These latter creatures (or constructs - it's never specified) have some interesting powers including being able to develop their own forms to mimic the evolutionary processes of Earth, put animal organisms into a form of suspended animation, regress the forms of humans back through their evolutionary predecessors, and... erm... turn people to stone. Anyway, one of this team - calling himself Josiah Samuel Smith - is planning to assassinate Queen Victoria so he can become king. Now, even though that's a very silly plan that's probably unlikely to work, the Doctor releases the much more dangerous big boss Light from hibernation in the spaceship, to help stop Josiah. Luckily, Light can be talked to death, and everyone else lives happily ever after. Except the ones that get turned into stone. Or soup.

The whole family watched this over a few evenings on DVD, but they took some persuading. For some reason, the Better Half and all the kids (boys aged 10 and 7, girl of 4) moaned and groaned at the very idea of watching Ghost Light, even though most of them didn't even know what it was. Perhaps this is because we've watched a couple of other Slyv McCoy three-parters previously for the blog, and they've been pants. This one is of a different stamp, though, and - perhaps not coincidentally - is the first Slyv McCoy three-parter not directed by Chris Clough, who never managed to make them work.

Once it was underway, everyone stuck with it to the end; it has to be said, though, that it didn't keep the children rapt; there was much talking and fidgeting. This was doubly a shame, as Ghost Light is already difficult to hear, suffering as it does with an iffy sound mix. It is most unfortunate that this particular Doctor Who dialogue, where every line is vital to the story, is buried deep beneath the admittedly rather marvellous score.

First-time round:
I saw this upon its original broadcast on BBC1 in Autumn 1989. Can't remember the details particularly, but I do know I'd have been on my own. At this point, infamously, Doctor Who was put out opposite Coronation Street on ITV, the highest-rated programme of the time. The rest of the family would all have been watching that, and I'd have been in another room watching Doctor Who on my lonesome. As one did with the Slyvester McCoy stories. I also know that I taped it, as I watched it quite a few times in the days and weeks after its broadcast. As one did with Ghost Light.

There are three schools of thought on Ghost Light. School 1: it's complicated, and that's a bad thing - no wonder this was the last regular episode made in the original run, it offers no obvious explanations, you have to watch it twice at least to follow it, and Doctor Who had clearly become pretentious over-baked gobbledygook. School 2: it's complicated, and that's a good thing - it's such a shame this was the last regular episode made in the original run, as - because it offers no obvious explanations, and you have to watch it twice at least to follow it - Doctor Who was finally emerging into the video age, and fashioning itself accordingly, gaining important depth to the stories it told.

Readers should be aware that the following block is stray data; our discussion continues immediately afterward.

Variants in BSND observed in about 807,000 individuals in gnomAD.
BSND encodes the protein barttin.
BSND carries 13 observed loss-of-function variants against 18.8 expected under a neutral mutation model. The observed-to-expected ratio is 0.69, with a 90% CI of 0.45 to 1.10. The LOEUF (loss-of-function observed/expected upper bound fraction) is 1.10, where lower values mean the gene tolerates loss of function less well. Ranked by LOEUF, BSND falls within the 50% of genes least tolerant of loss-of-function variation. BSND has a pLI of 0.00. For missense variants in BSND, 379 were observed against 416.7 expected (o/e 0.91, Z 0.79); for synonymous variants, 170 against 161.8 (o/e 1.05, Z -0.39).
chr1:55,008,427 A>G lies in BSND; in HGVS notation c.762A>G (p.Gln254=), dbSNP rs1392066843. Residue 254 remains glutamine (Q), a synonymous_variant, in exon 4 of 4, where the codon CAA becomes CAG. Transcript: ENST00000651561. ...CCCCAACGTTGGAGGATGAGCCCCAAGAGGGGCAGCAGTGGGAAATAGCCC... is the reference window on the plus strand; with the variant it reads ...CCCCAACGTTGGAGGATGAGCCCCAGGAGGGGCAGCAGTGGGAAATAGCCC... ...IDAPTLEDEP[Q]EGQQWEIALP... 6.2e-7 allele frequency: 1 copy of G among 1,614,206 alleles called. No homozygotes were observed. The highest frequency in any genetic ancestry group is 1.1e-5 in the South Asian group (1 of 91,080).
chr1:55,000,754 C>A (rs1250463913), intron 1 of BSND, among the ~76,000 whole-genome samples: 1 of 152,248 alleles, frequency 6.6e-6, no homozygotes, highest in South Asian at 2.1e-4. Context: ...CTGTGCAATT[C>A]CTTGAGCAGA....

The third school comprises those that think it isn't complicated at all, and you just have to pay attention and all the explanations are there. Mostly, this seems to be a pose to start online arguments in Who forums. There's a kernel of truth in it, and if you understood everything about Ghost Light first time, then well done - clever old you. But demonstrably, it is complicated. It is a very dense script, with lots of allusions, shorthand and compression, and it moves breakneck fast to convey information. The ideas within aren't obvious ones either. To pick a random example from another Doctor Who story: the Judoon are space policemen that look like rhinos. That's easy and straightforward to grasp, everyone gets that in an instant. Control and Josiah, on the other hand, are a pair of linked entities that develop in a see-sawing inverse proportion to one another, one replicating the process of  evolution sped up in microcosm to eventually mirror the dominant life-form on a planet it visits, the other staying as it is for comparison. High concept, it ain't. Even if all that was actually spelt out by a character in the drama (and it isn't) it would still cause some noodle scratching.

Let me make it clear, though, that I am firmly in school 2; Ghost Light is a great story, even if it's sometimes baffling. Mind you, I like baffling things; I'm prepared to accept that I might be in a minority in that opinion; had this proved to be a new direction for Doctor Who rather than a one-off experiment, it might not have been a huge ratings winner. As it was, the programme was soon afterwards cancelled, in a decision that seemed to have nothing to do with the quality of the stories being produced, or even the ratings particularly. So, we can probably stop having online arguments about it, and try to take Ghost Light on its own merits.